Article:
Take a moment to think of an adult from your childhood who had a positive influence on you. Think beyond your mom or your dad or other members of your family.
Who did you think about?
My guess is the majority of people are thinking of an educator in their life – a teacher, a professor, a coach. In fact, try thinking of a “non-educator” from your childhood who had a positive influence on you. I was challenged with this task recently, and though I know there are many exceptions for others (pastors, neighbors, scout leaders), I have difficulty thinking of someone.
Of course, when you think of why these particular people had such a positive impact on your life, I can confidently guess it had nothing to do with grades, homework, or tests. Why are educators so influential? Because they spend extensive periods of time with their students. They have the time to build positive and personal relationships.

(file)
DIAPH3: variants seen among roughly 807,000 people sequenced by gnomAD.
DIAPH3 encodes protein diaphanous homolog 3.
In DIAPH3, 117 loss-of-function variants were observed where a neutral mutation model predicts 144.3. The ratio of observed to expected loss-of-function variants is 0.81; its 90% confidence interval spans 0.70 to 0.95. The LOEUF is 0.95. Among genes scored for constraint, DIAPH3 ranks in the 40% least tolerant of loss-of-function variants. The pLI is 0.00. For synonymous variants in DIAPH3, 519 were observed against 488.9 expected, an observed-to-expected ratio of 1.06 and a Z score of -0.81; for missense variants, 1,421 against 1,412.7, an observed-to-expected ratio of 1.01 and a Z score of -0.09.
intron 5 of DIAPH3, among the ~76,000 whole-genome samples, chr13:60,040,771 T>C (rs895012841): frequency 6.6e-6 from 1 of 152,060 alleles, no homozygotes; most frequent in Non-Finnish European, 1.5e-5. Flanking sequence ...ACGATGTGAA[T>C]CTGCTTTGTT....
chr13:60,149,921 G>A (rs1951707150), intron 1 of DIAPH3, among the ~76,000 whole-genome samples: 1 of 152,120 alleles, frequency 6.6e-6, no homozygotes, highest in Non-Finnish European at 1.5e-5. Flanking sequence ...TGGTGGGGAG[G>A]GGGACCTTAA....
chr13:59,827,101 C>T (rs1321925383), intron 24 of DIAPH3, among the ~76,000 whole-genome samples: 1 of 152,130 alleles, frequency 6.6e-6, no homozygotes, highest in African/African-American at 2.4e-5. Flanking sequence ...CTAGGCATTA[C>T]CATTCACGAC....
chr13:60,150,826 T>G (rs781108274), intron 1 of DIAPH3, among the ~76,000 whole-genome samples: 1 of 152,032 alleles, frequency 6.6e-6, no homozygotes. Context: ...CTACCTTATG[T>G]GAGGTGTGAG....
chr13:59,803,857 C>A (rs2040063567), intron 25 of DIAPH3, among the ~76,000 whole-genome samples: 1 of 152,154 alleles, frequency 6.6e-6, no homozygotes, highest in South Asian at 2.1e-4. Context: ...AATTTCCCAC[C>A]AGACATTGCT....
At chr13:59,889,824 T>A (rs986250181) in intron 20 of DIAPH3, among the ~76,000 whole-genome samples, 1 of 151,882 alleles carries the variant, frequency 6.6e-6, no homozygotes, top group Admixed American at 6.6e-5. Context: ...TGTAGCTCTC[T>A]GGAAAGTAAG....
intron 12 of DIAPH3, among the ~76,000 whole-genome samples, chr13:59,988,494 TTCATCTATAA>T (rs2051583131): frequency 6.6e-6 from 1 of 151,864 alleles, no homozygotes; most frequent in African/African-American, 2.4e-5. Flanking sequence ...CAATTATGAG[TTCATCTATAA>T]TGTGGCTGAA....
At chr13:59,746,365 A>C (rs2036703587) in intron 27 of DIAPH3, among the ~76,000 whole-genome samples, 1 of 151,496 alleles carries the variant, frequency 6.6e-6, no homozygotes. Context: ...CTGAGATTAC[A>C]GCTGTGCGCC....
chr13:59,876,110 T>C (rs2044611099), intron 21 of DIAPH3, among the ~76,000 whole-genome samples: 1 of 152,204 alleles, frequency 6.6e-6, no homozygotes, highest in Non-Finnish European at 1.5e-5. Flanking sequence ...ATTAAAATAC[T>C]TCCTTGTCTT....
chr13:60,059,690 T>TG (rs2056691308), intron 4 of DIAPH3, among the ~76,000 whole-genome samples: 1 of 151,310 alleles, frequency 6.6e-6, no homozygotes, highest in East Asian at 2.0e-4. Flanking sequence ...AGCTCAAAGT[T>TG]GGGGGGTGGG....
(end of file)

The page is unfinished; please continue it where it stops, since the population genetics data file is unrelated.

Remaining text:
As an educator, I know the importance of building relationships with my students, but I also know it feels as though my time continues to be eaten up by high teacher expectations and new district initiatives. The blended grade level approach in the ARCTIC Zone allows me an opportunity not many educators get – to spend time with students throughout their entire middle school career, three full years. Our first batch of ARCTIC Zone students just started their 8th grade year, and it is already so evident how our extra time together has impacted the development of positive relationships.
As A.J. Juliani said in a recent blog post, “relationships come from having opportunities for inquiry, challenging students, solving problems together, and doing work that is meaningful. But they also come from small side conversations, moments in the hallway, supporting outside of the classroom, and taking longer than expected to talk about an issue in class.” My personal goal this year is to make more time for building relationships with each of my students. Perhaps my face will be one that comes to mind for them when asked about an influential adult later in life. How rewarding to be in such a position.
A.J. Juliani’s blog post: “Relationships > Everything Else in Education”